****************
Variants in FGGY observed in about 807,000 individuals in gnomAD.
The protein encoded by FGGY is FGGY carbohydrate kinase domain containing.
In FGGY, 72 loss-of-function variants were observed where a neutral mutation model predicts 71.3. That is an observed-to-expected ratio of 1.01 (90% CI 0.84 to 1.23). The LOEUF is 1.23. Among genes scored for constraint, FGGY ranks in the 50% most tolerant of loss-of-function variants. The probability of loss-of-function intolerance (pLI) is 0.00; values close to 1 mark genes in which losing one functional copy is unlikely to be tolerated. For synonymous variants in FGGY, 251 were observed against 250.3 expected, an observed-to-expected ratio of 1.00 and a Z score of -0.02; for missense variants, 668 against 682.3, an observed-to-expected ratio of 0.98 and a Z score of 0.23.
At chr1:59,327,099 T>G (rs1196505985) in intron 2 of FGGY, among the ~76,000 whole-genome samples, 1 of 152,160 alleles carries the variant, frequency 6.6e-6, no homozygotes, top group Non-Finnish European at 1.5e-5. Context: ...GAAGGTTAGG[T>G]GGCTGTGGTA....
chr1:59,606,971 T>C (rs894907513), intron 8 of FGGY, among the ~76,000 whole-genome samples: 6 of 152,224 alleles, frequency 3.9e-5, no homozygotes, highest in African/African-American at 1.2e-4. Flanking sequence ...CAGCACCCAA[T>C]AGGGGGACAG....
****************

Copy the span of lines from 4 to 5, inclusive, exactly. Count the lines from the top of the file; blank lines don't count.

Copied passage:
At chr1:59,327,099 T>G (rs1196505985) in intron 2 of FGGY, among the ~76,000 whole-genome samples, 1 of 152,160 alleles carries the variant, frequency 6.6e-6, no homozygotes, top group Non-Finnish European at 1.5e-5. Context: ...GAAGGTTAGG[T>G]GGCTGTGGTA....
chr1:59,606,971 T>C (rs894907513), intron 8 of FGGY, among the ~76,000 whole-genome samples: 6 of 152,224 alleles, frequency 3.9e-5, no homozygotes, highest in African/African-American at 1.2e-4. Flanking sequence ...CAGCACCCAA[T>C]AGGGGGACAG....